Drugs travel a long and arduous road between discovery of a “new active substance” and a launched product—this is a well known attribute of the industry. Now, a longitudinal study (of sorts) for how drugs progress from discovery to launch highlights some fascinating dynamics, even though the overall picture is one of a “stubbornly long” delay between the two events. The QuintilesIMS Institute study, “Lifetime Trends in Biopharmaceutical Innovation,” looks at 667 drugs launched in the US between 1996 and 2005, broken into five-year cohorts. And although the trend since 2008 has been for a shorter elapsed time (from an average of 211 months in the 2008 group to 158 for the 2011-2015 cohort—a reduction of about four-and-a-half years), that 2011-2015 measure is still above the 128 months seen in the late 1990s. Each month—even each day—that a drug retains patent exclusivity can mean millions of dollars of revenue for the originator company; loss of exclusivity (LOE) of a drug when its patent runs out is a big event in a product’s life cycle.
The usual rap about the time to launch is that if FDA were more efficient, the approval would come sooner. While the QuintilesIMS study does not look at elapsed time from drug application filing to approval (it does find an average on-patent life of a launched drug to be 12 years, 10 months, and cites other studies that find a range of 5.1 to 14.5 years for the patent-to-NDA stage), its analysis reveals some other key factors:
- When the same company that discovered a drug carried it through to launch, the elapsed time from patient to launch was 36 months shorter; also, nearly three-quarters of launches were not carried out by the original patent holder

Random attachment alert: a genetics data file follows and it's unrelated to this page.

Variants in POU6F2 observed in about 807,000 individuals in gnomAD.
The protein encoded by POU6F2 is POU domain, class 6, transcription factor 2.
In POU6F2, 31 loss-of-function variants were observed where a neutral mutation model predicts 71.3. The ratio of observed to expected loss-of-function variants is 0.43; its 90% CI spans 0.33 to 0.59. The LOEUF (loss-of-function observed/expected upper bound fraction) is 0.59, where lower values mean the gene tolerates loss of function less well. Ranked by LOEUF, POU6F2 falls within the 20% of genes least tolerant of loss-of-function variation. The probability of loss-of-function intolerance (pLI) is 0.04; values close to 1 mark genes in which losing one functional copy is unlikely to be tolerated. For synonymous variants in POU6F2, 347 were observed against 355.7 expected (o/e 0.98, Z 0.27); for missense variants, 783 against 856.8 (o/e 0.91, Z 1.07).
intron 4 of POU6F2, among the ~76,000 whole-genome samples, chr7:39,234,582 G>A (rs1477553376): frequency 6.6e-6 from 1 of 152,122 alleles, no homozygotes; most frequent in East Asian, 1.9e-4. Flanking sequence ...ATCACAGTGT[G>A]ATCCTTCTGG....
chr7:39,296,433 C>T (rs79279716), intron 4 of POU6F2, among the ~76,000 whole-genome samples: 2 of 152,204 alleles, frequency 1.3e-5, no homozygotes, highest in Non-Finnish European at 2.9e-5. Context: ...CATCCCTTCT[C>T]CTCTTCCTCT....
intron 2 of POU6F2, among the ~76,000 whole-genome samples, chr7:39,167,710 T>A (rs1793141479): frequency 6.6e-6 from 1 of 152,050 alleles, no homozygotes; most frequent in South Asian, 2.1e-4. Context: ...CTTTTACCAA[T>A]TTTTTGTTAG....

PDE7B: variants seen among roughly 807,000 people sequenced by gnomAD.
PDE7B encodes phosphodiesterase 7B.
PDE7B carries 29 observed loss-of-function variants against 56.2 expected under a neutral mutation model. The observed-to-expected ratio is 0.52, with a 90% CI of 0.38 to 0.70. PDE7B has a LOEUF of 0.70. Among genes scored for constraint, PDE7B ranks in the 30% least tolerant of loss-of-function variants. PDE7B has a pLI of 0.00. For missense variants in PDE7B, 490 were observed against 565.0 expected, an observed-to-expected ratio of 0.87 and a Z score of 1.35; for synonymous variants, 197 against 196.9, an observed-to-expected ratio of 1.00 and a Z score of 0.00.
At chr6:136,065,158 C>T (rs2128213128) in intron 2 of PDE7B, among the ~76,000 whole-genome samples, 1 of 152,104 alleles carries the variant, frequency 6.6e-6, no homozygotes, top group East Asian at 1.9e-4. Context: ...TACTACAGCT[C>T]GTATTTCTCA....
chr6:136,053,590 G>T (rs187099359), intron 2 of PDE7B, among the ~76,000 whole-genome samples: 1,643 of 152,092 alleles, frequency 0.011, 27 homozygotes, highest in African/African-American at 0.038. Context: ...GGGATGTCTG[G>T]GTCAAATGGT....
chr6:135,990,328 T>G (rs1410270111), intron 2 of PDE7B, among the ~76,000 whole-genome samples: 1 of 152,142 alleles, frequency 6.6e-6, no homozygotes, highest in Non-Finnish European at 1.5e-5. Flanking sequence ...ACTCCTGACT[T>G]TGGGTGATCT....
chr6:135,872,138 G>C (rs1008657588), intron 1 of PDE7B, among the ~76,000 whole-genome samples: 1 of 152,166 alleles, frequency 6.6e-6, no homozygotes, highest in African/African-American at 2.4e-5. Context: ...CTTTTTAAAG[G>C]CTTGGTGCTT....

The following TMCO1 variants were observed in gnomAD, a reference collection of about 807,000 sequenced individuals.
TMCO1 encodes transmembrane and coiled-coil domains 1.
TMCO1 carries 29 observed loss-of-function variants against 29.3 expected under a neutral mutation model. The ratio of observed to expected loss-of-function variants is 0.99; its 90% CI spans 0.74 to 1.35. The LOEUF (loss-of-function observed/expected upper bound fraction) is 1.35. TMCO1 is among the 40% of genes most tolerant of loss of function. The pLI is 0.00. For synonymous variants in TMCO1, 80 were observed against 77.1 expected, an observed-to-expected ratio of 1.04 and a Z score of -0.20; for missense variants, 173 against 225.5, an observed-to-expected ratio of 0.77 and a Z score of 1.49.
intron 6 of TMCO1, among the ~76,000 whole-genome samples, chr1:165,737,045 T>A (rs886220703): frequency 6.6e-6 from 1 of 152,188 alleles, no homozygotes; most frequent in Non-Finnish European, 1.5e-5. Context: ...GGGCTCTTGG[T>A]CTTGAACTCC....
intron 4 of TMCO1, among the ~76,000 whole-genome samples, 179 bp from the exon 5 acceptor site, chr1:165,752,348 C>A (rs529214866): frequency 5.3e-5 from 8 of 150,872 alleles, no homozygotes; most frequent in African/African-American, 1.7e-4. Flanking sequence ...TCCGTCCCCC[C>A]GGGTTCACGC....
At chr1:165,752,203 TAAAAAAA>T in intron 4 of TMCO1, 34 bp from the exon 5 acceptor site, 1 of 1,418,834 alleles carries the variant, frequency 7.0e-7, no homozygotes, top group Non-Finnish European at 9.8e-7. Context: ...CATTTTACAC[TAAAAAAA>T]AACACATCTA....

- When a drug demonstrates blockbuster status (annual sales >$1 billion) within the first five years after launch, the elapsed time of patent-to-launch was 27 months shorter, and from launch to LOE was 23 months longer
- Conversely, only 19 drugs have reached blockbuster status within five years of launch over the past 20 years. However, nine of those were launched in the past five years, pointing to some degree of better targeting by pharma companies (or, on the other hand, more aggressive pricing).
Other trends revealed in the analysis have been recognized generally, but QuintilesIMS can put numbers to them: oncology represented 28% of launches in the 2011-2015 period, versus 11% in the 1996-2000 period. Similarly, orphan drugs represent 42% of the 2011-2015 period, double that of 1996-2000.
And there’s one finding that has a distinct political implication in the rising debate over drug pricing, drug importation and the like: “The US market remains of vital importance to biopharmaceutical innovation, accounting for more than 61% of a new drug’s sales over its first five years following launch, and 68% for the cohort of launches in the 2011–15 period. Ex-US markets are generally proving more challenging for biopharmaceutical innovation from both a pricing and volume perspective.” Another way of demonstrating the connection between pharma innovation and US pricing policy.